ABLETON Live 4.0 (Mac/Win)

Ableton has once again knocked the ball out of the park, this time with its Live 4.0 digital audio sequencer. The big news with Live 4.0 is the addition
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FIG. 1: In Ableton''s Live 4.0, all three overdub passes of a one-bar recording are kept in the same MIDI clip, allowing previous takes to be selected using the loop markers.

Ableton has once again knocked the ball out of the park, this time with its Live 4.0 digital audio sequencer. The big news with Live 4.0 is the addition of MIDI clips and virtual-instrument hosting. Beyond that, a number of less dramatic but still noteworthy improvements have been made and features have been added, such as easier and more flexible signal routing, Automatic Jamming, tempo control on the Scene level, and automatic Scene advance. The new and upgrade prices are a bit higher than those of previous versions, but that seems well justified by Live 4.0's magnitude of change.

EM has given full coverage to Live's unique approach to real-time audio-clip sequencing, so I will concentrate on the new features for this review. For previous reviews see the June 2002, June 2003, and April 2004 issues of EM. You'll also find a Master Class article about Live in the December 2002 issue. All are available online at

As the minimum requirements suggest, Live is CPU efficient. Nevertheless, to take full advantage of Live's real-time audio capabilities, you'll need a relatively fast computer. A good dose of RAM is also recommended. Although Live streams audio from disk by default, using its optional Clip RAM mode is more efficient, especially for machines with slower hard drives, such as laptops. For this review, I used a Mac dual-G5/2 GHz with 2 GB of RAM running OS X 10.3.4.


Live sports a reasonably sophisticated track-based audio sequencer and recorder, but its claim to fame is as a real-time audio-clip triggering device. Clips can be triggered individually or in groups, called Scenes, and MIDI messages and computer keys can be assigned to trigger clips and Scenes.

Clip management is carried out in Live's Session environment, which is organized in columns resembling mixer channels. (The columns are called tracks, because they correspond to the tracks in Live's time-based environment, called the Arrangement.) Ableton has taken all the tricks it developed for manipulating audio clips and applied them to MIDI. Along the way, Ableton made some obvious and not-so-obvious adaptations to improve MIDI and audio-clip management.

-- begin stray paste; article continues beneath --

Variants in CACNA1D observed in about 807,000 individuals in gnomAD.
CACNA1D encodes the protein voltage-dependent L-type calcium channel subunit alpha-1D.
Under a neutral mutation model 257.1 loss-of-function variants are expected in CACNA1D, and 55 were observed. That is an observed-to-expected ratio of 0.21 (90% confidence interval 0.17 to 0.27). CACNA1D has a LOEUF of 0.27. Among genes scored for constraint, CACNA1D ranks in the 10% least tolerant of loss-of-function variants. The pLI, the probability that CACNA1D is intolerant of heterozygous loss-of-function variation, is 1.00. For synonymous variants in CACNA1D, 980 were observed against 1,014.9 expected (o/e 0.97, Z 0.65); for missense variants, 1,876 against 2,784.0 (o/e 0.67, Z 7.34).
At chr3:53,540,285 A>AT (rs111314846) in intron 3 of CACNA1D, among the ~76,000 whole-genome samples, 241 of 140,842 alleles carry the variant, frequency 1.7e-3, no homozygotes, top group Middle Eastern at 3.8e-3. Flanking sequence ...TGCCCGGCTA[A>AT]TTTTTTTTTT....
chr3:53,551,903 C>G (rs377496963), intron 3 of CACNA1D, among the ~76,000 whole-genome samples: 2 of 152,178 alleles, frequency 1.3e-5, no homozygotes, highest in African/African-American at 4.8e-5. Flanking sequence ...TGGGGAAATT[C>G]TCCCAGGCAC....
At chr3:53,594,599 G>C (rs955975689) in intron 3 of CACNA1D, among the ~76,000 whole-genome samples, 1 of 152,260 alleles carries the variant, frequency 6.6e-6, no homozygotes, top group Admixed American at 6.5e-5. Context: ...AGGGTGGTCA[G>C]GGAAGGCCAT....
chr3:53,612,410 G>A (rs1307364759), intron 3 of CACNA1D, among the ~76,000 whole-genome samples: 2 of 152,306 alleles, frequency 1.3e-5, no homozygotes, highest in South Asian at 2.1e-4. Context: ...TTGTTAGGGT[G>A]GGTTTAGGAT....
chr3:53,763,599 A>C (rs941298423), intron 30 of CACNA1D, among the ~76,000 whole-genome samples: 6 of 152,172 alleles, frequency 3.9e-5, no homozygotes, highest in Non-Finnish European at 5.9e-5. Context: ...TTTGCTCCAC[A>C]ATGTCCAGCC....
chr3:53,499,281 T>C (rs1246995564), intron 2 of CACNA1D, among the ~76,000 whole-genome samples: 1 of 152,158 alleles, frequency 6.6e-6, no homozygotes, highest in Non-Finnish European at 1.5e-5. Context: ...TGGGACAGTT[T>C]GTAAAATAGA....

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FIG. 2: Live''s Simpler (top) and Impulse (bottom) are enough to get you started with virtual ­instruments. The Chord, Random, and Scale MIDI effects manipulate incoming MIDI in real time.

MIDI clips can be imported from Standard MIDI Files (SMFs), recorded using a MIDI controller or the computer keyboard, or entered graphically. Surprisingly, there is no provision for MIDI step entry, which would seem to be a natural inclusion.

Live has implemented a slick version of MIDI-file import that allows you to import individual tracks from most SMFs. If the MIDI-file tracks have been usefully labeled, it's a breeze to mix and match tracks from several MIDI files. The one thing you can't do is audition MIDI files directly from the Browser — the ability to do that would be a real time-saver.


As with audio, MIDI input can be recorded directly in the Session or Arrangement environments. In either case, you can choose to have the incoming notes quantized on the fly, and you can undo the quantization. Overdub recording is also possible in both environments; the specifics differ slightly, however, between the Session and the Arrangement.

When overdub and cycle recording are enabled in the Arrangement, each new cycle extends the length of the recorded clip, and the new section contains a copy of the previous recording along with the new material. That allows you to go back and forth between takes by moving the clip's loop markers (see Fig. 1). In the Session environment or when cycle recording is off in the Arrangement, overdubbing works by adding the new material to the old. In that case, you need to use the undo and redo functions to move between takes.